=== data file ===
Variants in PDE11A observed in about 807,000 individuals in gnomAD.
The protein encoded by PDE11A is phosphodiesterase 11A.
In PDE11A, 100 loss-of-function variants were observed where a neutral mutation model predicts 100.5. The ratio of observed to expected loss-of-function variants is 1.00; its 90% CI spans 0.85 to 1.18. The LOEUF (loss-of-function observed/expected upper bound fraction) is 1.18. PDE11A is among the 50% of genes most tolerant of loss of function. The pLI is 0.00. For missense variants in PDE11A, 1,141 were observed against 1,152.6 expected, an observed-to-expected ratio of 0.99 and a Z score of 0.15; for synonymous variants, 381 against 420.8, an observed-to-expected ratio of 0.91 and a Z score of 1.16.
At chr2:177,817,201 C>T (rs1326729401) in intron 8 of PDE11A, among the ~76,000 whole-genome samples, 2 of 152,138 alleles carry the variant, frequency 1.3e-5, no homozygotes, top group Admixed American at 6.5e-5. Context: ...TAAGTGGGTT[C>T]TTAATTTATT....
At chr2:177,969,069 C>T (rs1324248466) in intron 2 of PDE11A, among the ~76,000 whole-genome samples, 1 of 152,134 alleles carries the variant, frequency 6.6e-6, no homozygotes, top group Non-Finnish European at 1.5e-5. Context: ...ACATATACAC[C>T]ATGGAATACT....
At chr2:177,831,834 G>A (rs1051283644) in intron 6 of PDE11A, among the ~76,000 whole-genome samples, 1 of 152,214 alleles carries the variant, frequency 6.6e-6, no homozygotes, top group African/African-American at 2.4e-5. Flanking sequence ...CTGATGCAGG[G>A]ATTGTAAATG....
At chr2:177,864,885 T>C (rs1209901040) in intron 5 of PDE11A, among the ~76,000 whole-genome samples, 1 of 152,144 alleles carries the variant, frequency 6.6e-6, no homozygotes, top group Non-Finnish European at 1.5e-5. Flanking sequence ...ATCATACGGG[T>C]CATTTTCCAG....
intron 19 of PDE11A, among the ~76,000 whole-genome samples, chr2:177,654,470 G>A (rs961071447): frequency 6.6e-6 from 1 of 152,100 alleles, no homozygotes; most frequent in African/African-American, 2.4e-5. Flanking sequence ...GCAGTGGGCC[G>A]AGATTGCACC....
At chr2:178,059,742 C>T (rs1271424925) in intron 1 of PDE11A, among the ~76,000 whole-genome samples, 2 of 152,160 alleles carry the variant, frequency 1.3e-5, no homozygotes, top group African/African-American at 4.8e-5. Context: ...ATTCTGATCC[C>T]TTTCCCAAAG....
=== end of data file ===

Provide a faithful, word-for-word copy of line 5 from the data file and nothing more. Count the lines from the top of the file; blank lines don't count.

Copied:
At chr2:177,969,069 C>T (rs1324248466) in intron 2 of PDE11A, among the ~76,000 whole-genome samples, 1 of 152,134 alleles carries the variant, frequency 6.6e-6, no homozygotes, top group Non-Finnish European at 1.5e-5. Context: ...ACATATACAC[C>T]ATGGAATACT....